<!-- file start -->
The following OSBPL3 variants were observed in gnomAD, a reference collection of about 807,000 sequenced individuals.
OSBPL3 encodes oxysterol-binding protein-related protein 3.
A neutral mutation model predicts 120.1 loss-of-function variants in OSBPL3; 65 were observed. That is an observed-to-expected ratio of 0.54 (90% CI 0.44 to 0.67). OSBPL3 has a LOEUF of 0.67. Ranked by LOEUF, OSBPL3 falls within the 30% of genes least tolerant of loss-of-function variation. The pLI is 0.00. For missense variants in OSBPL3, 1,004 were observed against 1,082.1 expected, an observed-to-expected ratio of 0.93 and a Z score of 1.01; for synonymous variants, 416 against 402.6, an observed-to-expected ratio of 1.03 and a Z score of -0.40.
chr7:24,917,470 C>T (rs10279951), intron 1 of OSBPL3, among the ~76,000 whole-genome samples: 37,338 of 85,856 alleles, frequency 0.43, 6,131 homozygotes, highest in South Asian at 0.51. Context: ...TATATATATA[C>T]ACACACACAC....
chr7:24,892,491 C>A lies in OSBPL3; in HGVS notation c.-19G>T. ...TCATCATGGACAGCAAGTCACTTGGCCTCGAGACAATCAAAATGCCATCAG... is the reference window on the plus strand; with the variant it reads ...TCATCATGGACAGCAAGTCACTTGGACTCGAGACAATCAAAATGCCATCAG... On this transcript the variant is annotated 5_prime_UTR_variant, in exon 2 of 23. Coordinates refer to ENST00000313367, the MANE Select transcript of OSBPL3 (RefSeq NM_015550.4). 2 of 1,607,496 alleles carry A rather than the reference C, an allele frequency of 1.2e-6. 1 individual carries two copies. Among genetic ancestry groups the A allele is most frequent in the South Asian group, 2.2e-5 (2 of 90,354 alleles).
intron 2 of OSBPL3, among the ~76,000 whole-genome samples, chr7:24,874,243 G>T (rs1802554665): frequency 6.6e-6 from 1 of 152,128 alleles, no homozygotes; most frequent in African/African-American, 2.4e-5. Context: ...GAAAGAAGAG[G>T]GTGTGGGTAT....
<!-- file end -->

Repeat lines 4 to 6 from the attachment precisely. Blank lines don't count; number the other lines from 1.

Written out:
chr7:24,917,470 C>T (rs10279951), intron 1 of OSBPL3, among the ~76,000 whole-genome samples: 37,338 of 85,856 alleles, frequency 0.43, 6,131 homozygotes, highest in South Asian at 0.51. Context: ...TATATATATA[C>T]ACACACACAC....
chr7:24,892,491 C>A lies in OSBPL3; in HGVS notation c.-19G>T. ...TCATCATGGACAGCAAGTCACTTGGCCTCGAGACAATCAAAATGCCATCAG... is the reference window on the plus strand; with the variant it reads ...TCATCATGGACAGCAAGTCACTTGGACTCGAGACAATCAAAATGCCATCAG... On this transcript the variant is annotated 5_prime_UTR_variant, in exon 2 of 23. Coordinates refer to ENST00000313367, the MANE Select transcript of OSBPL3 (RefSeq NM_015550.4). 2 of 1,607,496 alleles carry A rather than the reference C, an allele frequency of 1.2e-6. 1 individual carries two copies. Among genetic ancestry groups the A allele is most frequent in the South Asian group, 2.2e-5 (2 of 90,354 alleles).
intron 2 of OSBPL3, among the ~76,000 whole-genome samples, chr7:24,874,243 G>T (rs1802554665): frequency 6.6e-6 from 1 of 152,128 alleles, no homozygotes; most frequent in African/African-American, 2.4e-5. Context: ...GAAAGAAGAG[G>T]GTGTGGGTAT....